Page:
15. Pythonforger
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    Pythonforger Carrier of Insanity

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    Add foreshadowing to your story like you would add pepper to tomato soup. A little-not that much.

    The best surprise events are those where your initial reaction is "What lazy writing! Nobody bothered to foreshadow this event at all!"

    Then, a couple of seconds later:"Wait a minute... what about in Scene X, when that happened? THAT was kinda an ominous echo of what happened. And wait a minute, in Scene Y, didn't that guy say ABC?"

    And then you suddenly realize:"Holy crap! It all fits! That unexplained murder, the missing clock, the gun left on the sidewalk... I SHOULD HAVE KNOWN WAHEFOIEWHFEWHFWEFHWEFHEO"
     
  16. TDFuhringer
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    TDFuhringer Contributing Member Contributor

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    I would say it depends entirely on the genre. If the book is a novel of suspense, absolutely inform the audience in some way that a bad thing is coming. They will be in suspense waiting for it to happen. If it's an adventure novel or a thriller, do not inform them or telegraph the disaster in any way. They will be shocked. Really the answer to your question lies squarely with your intent. Also I would strongly consider what emotional response you want your readers to have to the disaster. If you want them to be horrified or angry, don't foreshadow it. If you want them to grieve or be sorrowful, you might foreshadow it to build them up so they are ready to be sad when the moment comes.
     
  17. NeedMoreRage
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    NeedMoreRage Member

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    My favorite thing in any story is when something huge occurs and completely catches me by surprise, and then I go back and realize there were very subtle clues that I completely did not notice the first time because they were so subtle. I feel like the story tricked me and I have great respect for anything that can harmlessly fool me.

    So if I were to write a story with a massive twist, I would try to add a tiny bit of foreshadowing.
     
  18. Cogito
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    Cogito Former Mod, Retired Supporter Contributor

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    In horror and suspense, anticipation enhances the tension. By all means foreshadow in those cases, and keep the reader thinking the worst is imminent. But just when the reader thinks the moment has passed as yet another false alarm, that's when you drop the hammer.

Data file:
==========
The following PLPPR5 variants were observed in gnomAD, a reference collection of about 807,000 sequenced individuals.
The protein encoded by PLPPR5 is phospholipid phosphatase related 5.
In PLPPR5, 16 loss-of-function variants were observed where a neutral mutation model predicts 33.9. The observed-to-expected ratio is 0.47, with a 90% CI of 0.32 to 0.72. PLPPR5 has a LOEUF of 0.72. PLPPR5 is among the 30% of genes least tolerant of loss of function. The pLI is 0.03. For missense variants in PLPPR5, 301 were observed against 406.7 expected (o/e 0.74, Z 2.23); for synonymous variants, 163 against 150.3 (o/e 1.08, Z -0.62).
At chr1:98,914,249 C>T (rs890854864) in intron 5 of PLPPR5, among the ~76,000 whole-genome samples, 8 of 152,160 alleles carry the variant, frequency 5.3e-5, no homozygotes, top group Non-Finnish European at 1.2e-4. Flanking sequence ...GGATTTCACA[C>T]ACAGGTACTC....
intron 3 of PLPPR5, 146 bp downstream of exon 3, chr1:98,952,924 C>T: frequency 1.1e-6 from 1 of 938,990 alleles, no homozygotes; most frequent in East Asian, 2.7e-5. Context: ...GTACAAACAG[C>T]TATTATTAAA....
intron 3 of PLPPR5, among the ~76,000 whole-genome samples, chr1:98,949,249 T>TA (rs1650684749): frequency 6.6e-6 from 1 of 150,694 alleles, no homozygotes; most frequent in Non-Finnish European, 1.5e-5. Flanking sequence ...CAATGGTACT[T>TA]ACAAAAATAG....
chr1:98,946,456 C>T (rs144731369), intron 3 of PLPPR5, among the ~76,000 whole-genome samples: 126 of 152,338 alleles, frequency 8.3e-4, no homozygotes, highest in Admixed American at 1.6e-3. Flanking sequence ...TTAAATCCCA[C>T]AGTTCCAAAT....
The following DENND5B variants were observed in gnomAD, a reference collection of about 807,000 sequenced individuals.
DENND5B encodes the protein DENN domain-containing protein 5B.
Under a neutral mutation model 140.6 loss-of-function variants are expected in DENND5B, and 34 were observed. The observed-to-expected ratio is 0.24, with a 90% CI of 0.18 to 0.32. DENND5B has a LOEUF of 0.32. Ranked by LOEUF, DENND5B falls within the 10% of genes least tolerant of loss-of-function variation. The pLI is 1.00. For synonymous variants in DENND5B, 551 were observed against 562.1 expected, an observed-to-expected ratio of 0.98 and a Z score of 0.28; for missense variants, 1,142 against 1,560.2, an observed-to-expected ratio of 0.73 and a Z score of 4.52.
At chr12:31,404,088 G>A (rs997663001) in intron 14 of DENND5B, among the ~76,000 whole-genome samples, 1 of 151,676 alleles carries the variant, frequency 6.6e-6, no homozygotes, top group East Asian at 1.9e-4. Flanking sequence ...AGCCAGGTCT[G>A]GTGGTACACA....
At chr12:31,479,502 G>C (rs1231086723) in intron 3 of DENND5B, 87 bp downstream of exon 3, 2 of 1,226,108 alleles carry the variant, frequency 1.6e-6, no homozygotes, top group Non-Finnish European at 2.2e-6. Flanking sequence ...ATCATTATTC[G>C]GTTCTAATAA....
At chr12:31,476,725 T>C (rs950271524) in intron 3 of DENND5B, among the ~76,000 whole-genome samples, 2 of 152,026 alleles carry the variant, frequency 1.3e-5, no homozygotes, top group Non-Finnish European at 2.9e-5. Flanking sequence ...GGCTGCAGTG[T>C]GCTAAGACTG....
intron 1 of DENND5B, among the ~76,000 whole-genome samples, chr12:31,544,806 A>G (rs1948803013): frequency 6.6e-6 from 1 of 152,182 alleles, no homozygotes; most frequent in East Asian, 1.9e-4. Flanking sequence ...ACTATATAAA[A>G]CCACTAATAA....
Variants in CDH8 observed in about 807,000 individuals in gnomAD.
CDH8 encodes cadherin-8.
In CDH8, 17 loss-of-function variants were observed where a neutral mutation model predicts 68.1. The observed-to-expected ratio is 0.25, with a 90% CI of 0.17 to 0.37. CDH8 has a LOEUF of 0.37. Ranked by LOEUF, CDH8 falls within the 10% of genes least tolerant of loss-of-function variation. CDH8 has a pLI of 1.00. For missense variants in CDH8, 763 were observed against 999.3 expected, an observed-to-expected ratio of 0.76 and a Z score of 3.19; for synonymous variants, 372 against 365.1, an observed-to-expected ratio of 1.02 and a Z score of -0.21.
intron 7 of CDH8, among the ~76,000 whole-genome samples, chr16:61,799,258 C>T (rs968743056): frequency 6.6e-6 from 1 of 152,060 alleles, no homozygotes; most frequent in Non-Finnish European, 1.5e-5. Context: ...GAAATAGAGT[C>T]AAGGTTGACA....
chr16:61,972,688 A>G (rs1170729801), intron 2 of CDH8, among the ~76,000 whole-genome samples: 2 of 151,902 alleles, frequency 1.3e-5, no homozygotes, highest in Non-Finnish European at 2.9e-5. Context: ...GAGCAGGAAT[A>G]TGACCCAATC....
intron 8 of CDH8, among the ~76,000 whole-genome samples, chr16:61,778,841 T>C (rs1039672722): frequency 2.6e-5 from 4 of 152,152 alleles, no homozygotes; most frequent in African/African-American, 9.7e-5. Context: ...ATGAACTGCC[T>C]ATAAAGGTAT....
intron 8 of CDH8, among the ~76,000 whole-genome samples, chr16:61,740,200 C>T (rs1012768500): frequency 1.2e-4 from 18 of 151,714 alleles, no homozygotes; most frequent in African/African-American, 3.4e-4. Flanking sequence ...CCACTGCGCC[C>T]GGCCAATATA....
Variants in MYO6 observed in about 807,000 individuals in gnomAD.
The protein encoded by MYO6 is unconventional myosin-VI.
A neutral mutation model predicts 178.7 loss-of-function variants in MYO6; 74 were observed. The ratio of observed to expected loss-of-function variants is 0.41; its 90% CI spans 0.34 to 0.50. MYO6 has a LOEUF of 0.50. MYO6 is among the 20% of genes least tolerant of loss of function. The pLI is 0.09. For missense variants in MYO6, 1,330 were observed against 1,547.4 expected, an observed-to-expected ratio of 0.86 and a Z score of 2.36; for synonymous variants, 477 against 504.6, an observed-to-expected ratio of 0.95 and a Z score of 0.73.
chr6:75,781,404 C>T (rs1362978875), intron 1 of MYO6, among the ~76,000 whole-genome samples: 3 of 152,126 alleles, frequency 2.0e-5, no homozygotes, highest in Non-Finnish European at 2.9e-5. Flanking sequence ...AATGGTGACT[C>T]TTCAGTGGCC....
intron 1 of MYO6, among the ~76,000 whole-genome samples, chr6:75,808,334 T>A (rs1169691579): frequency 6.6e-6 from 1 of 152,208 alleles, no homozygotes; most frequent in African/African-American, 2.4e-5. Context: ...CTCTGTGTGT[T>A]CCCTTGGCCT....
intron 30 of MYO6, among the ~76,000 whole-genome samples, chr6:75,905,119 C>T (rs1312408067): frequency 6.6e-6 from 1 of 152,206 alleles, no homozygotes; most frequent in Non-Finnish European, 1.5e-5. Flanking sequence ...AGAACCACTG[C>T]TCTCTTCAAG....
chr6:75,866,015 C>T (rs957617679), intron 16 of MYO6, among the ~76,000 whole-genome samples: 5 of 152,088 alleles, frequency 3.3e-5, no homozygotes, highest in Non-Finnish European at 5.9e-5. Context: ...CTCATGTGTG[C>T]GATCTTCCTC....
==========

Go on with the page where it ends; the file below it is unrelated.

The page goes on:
Like in Jurassic Park, when they know raptors are on the loose. Then the bushes rustle, and they sight the raptor staring at them through the rifle scope. The reader thinks, oh good, one down, and BANG, the other raptors attack from the sides.

    You think you know what's coming, and that raises the sense of danger, but the real dangeris not EXACTLY what you thought.

    But foreshadowing is used for other purposes, too. Many stories exhibit parallelism to relate subplots to the main plot. Foreshadowing is a means to indicate the connection. The main storyline can be one of betrayal on a literal level, but you may also have character subplots that deal with smaller kinds of betrayal. Foreshadowing can be used to reinforce the analogy.
     
  19. Dryriver
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    Dryriver Senior Member

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    I am trying to figure out a/some clever way/ways to foreshadow what is coming in the story right now...

    Kind of like "OMG, it was right in front of my eyes!", except at the time (and in the context) you didn't understand what the foreshadowing actually referred to!

    At least not in any detail.

    I'm beginning to realize that there are many, many clever little ways to do this, and that some degree of experimenting/trial and error will need to be done to get it to work just right for the specific story I am writing.

    If anyone has any bright ideas on the different ways foreshadowing can be accomplished, I'd be more than happy to hear them...